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My employer is changing my contract from a 1099 to a W-2 because my contract has lasted longer than the small project I was first hired for. Because of this, my employer wants me to send my bank account number over email because they lost my previous details (I was first hired ~1.5 years ago). I would be happy to send it over, but in the email he included my routing number so I would know what bank account number to send over. I'm pretty skeptical when it comes to security, and I don't want my bank account number and routing number to be in the same place, should mine or their email get hacked.

What are my options here?

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    Could well be a scam/ impersonated email, confirm by phone at a minimum. Seems very unlikely accounting would lose your direct deposit info (If I understand correctly, that is the only reason to ask for a routing number in this situation) – Pete W Mar 3 at 14:10
  • Are racing pigeons an option? Jokes aside - How about a registered mail with a confidential note once you verified it's a legit receipent? – iLuvLogix Mar 3 at 15:20
  • You are having income from a 1099 and w-2 job go into the same bank account? The former should be a business account, the later personal. – Pete B. Mar 3 at 16:04
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    Non US person here. Is this information (bank acce no and routing no) enough to take money from the account? This seems really weird. – stanri Mar 4 at 6:08
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Pick another way to send it.

You could put it into a file, encrypt/password protect the text file, email it; then give them the password to the document over the phone.

The idea is to use multiple communication systems to divide the information.

You also don't have to send you account number as a reply to the email, make a new email so that the chain doesn't include all the information.

Also make sure that you aren't being targeted. Call your boss to confirm that the email is real.

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    Good answer but that last paragraph should be at tge beginning. – Studoku Mar 3 at 14:34
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First off, if this is purely by email and you have not spoken to a person, I would call first to verify that this is what they want. Just don't send your bank account, even to someone who might seem legit. Call and ask. Say you got an email requesting to send a back account number over an email line and you want to verify that request. Don't call the number in the email.

If they get demanding or threatening, then it is likely a scam of some sort. Honestly, I never heard of sending bank information over an email. Usually what you do is void a check and send it to them and they use that to make the auto-deposit setup. At every job I ever held, they never ask for my bank information except a blank check that has void on it.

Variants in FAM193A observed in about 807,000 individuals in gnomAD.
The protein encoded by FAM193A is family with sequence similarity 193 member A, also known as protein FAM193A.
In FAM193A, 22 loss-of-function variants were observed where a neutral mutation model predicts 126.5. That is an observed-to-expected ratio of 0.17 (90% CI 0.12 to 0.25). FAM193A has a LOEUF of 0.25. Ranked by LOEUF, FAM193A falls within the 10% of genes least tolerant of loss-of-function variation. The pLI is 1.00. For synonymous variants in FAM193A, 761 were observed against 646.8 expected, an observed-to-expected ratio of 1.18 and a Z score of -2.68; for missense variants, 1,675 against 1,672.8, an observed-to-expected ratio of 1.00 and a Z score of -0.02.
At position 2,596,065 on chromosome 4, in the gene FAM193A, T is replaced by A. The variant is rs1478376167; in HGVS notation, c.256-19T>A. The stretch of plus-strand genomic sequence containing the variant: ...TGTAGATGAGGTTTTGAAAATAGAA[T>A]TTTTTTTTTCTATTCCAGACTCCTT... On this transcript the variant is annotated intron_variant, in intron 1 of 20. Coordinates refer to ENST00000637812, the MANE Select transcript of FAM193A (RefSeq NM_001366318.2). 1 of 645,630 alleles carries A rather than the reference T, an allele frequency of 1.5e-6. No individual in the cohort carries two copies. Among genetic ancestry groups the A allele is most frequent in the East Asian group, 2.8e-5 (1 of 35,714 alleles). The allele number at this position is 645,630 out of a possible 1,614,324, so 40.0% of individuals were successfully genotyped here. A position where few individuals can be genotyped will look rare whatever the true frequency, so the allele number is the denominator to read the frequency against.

So I would be very suspicious of this email. It does not sound like the proper way to set up auto deposit. I would also request that I do not send it via email and ask if I could send it through a voided check like every other place in this world.

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    "Don't call the number in the email." -- good point – Pete W Mar 3 at 15:23
  • What do you mean by "send it through a voided check"? Do you mean a pic or scan of the voided check emailed to them, or a physical voided check mailed to them? – brhans Mar 3 at 21:44
  • @brhans Every place I've been to would ask me to physically give a voided check. Everyone of them on the first day of work and one time when I updated my account I had to walk to the accounting person and staple a voided check along with a change form. Never once did I do this across email or was asked to. – Dan Mar 4 at 14:34
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(Was going to be a comment, but I think it's better as an answer. It also assumes that the information that the OP has provided is complete)

This smells fishy to me because contracts don't get changed from 1099 to W-2. If you are paid by 1099 then you are a contractor. If you are being paid by W-2 then you are an employee.

So unless an offer has been made to you to become an employee (EG negotiated salary, offer to sign a contract etc) then IMHO this is a bogus email and should be treated as such, and you should take all the precautionary steps that have been mentioned in the other answers.

In addition, if the employer has "lost" your banking details, then how have they been paying your 1099 invoices?

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  • Yeah, it's obviously not legitimate unless they haven't been paying the OP for the last 18 months. – Kilisi Mar 3 at 21:37
  • Actually, Peter, what you're saying isn't quite correct. The US Internal Revenue Service has a list of "bright line rules" to determine whether a "contractor" is, in fact, "a statutory employee." Presumably this employer has now determined that a shift from 1099 to W-2 status is necessary. This determination is legitimate. – Mike Robinson Mar 4 at 2:12
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A shift from 1099 status to W-2 status is legitimate, if the employer has determined that in the eyes of the Internal Revenue Service you are a "statutory employee." If the HR department needs bank routing information in order to set you up for "direct deposit" ... since no one really wants to have to print physical checks anymore ... you should simply call them on the phone.

It's perfectly sensible that you should never(!) send such information "by e-mail." The HR Department will be responsible for entering this data so that you get paid.

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